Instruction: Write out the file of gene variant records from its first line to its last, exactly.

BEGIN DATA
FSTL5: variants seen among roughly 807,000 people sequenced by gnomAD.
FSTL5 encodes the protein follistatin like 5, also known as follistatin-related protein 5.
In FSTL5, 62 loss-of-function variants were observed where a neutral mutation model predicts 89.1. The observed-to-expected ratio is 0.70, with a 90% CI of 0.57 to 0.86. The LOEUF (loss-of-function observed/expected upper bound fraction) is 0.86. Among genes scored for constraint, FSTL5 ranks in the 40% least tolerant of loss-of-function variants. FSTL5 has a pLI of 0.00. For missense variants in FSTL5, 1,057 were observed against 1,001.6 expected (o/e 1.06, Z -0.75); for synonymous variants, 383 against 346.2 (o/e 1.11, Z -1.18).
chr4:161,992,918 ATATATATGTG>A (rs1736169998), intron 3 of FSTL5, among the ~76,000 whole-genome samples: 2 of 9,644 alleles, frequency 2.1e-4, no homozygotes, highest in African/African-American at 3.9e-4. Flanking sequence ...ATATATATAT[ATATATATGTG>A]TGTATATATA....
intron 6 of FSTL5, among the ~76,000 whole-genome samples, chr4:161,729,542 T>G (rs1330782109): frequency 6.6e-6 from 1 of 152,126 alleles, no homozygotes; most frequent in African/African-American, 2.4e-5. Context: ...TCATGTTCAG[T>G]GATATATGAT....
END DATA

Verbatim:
FSTL5: variants seen among roughly 807,000 people sequenced by gnomAD.
FSTL5 encodes the protein follistatin like 5, also known as follistatin-related protein 5.
In FSTL5, 62 loss-of-function variants were observed where a neutral mutation model predicts 89.1. The observed-to-expected ratio is 0.70, with a 90% CI of 0.57 to 0.86. The LOEUF (loss-of-function observed/expected upper bound fraction) is 0.86. Among genes scored for constraint, FSTL5 ranks in the 40% least tolerant of loss-of-function variants. FSTL5 has a pLI of 0.00. For missense variants in FSTL5, 1,057 were observed against 1,001.6 expected (o/e 1.06, Z -0.75); for synonymous variants, 383 against 346.2 (o/e 1.11, Z -1.18).
chr4:161,992,918 ATATATATGTG>A (rs1736169998), intron 3 of FSTL5, among the ~76,000 whole-genome samples: 2 of 9,644 alleles, frequency 2.1e-4, no homozygotes, highest in African/African-American at 3.9e-4. Flanking sequence ...ATATATATAT[ATATATATGTG>A]TGTATATATA....
intron 6 of FSTL5, among the ~76,000 whole-genome samples, chr4:161,729,542 T>G (rs1330782109): frequency 6.6e-6 from 1 of 152,126 alleles, no homozygotes; most frequent in African/African-American, 2.4e-5. Context: ...TCATGTTCAG[T>G]GATATATGAT....